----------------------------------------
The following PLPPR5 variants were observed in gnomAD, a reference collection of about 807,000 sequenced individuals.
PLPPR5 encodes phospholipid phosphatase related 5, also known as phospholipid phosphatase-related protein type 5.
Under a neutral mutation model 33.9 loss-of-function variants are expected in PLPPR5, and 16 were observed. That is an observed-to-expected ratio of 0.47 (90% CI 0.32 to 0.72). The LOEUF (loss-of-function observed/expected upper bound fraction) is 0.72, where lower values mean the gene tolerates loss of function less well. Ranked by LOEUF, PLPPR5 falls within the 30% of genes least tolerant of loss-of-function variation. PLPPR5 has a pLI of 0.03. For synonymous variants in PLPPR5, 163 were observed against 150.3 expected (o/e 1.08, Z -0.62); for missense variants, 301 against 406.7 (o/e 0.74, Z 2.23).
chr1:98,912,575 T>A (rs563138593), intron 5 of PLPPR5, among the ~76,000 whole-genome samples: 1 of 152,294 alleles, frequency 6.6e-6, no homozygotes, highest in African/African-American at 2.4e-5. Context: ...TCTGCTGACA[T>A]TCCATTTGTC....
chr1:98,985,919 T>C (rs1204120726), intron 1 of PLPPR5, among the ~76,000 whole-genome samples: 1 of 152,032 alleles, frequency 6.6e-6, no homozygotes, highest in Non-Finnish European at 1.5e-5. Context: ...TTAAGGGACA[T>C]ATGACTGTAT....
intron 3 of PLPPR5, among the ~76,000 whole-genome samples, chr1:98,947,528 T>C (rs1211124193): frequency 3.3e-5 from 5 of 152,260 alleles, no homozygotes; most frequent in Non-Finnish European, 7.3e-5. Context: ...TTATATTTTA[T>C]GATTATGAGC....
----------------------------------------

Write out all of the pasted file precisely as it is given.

The following PLPPR5 variants were observed in gnomAD, a reference collection of about 807,000 sequenced individuals.
PLPPR5 encodes phospholipid phosphatase related 5, also known as phospholipid phosphatase-related protein type 5.
Under a neutral mutation model 33.9 loss-of-function variants are expected in PLPPR5, and 16 were observed. That is an observed-to-expected ratio of 0.47 (90% CI 0.32 to 0.72). The LOEUF (loss-of-function observed/expected upper bound fraction) is 0.72, where lower values mean the gene tolerates loss of function less well. Ranked by LOEUF, PLPPR5 falls within the 30% of genes least tolerant of loss-of-function variation. PLPPR5 has a pLI of 0.03. For synonymous variants in PLPPR5, 163 were observed against 150.3 expected (o/e 1.08, Z -0.62); for missense variants, 301 against 406.7 (o/e 0.74, Z 2.23).
chr1:98,912,575 T>A (rs563138593), intron 5 of PLPPR5, among the ~76,000 whole-genome samples: 1 of 152,294 alleles, frequency 6.6e-6, no homozygotes, highest in African/African-American at 2.4e-5. Context: ...TCTGCTGACA[T>A]TCCATTTGTC....
chr1:98,985,919 T>C (rs1204120726), intron 1 of PLPPR5, among the ~76,000 whole-genome samples: 1 of 152,032 alleles, frequency 6.6e-6, no homozygotes, highest in Non-Finnish European at 1.5e-5. Context: ...TTAAGGGACA[T>C]ATGACTGTAT....
intron 3 of PLPPR5, among the ~76,000 whole-genome samples, chr1:98,947,528 T>C (rs1211124193): frequency 3.3e-5 from 5 of 152,260 alleles, no homozygotes; most frequent in Non-Finnish European, 7.3e-5. Context: ...TTATATTTTA[T>C]GATTATGAGC....